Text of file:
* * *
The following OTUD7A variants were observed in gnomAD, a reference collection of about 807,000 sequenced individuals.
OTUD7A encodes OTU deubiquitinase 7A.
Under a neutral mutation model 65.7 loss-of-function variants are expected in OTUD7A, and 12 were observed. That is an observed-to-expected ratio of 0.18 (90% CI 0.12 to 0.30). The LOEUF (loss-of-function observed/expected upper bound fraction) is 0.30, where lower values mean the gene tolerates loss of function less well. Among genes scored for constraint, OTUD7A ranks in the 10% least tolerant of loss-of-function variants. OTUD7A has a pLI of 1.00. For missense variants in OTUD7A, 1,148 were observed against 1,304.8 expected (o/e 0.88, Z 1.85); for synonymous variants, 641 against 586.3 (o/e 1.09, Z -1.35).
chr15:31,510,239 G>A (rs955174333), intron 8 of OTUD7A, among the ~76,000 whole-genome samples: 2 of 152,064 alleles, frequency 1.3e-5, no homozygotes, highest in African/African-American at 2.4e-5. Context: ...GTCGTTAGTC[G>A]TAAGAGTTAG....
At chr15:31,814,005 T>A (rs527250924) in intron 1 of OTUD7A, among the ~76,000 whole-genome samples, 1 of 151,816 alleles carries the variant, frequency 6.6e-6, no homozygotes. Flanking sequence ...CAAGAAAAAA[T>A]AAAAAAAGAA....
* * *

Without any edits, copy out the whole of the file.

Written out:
The following OTUD7A variants were observed in gnomAD, a reference collection of about 807,000 sequenced individuals.
OTUD7A encodes OTU deubiquitinase 7A.
Under a neutral mutation model 65.7 loss-of-function variants are expected in OTUD7A, and 12 were observed. That is an observed-to-expected ratio of 0.18 (90% CI 0.12 to 0.30). The LOEUF (loss-of-function observed/expected upper bound fraction) is 0.30, where lower values mean the gene tolerates loss of function less well. Among genes scored for constraint, OTUD7A ranks in the 10% least tolerant of loss-of-function variants. OTUD7A has a pLI of 1.00. For missense variants in OTUD7A, 1,148 were observed against 1,304.8 expected (o/e 0.88, Z 1.85); for synonymous variants, 641 against 586.3 (o/e 1.09, Z -1.35).
chr15:31,510,239 G>A (rs955174333), intron 8 of OTUD7A, among the ~76,000 whole-genome samples: 2 of 152,064 alleles, frequency 1.3e-5, no homozygotes, highest in African/African-American at 2.4e-5. Context: ...GTCGTTAGTC[G>A]TAAGAGTTAG....
At chr15:31,814,005 T>A (rs527250924) in intron 1 of OTUD7A, among the ~76,000 whole-genome samples, 1 of 151,816 alleles carries the variant, frequency 6.6e-6, no homozygotes. Flanking sequence ...CAAGAAAAAA[T>A]AAAAAAAGAA....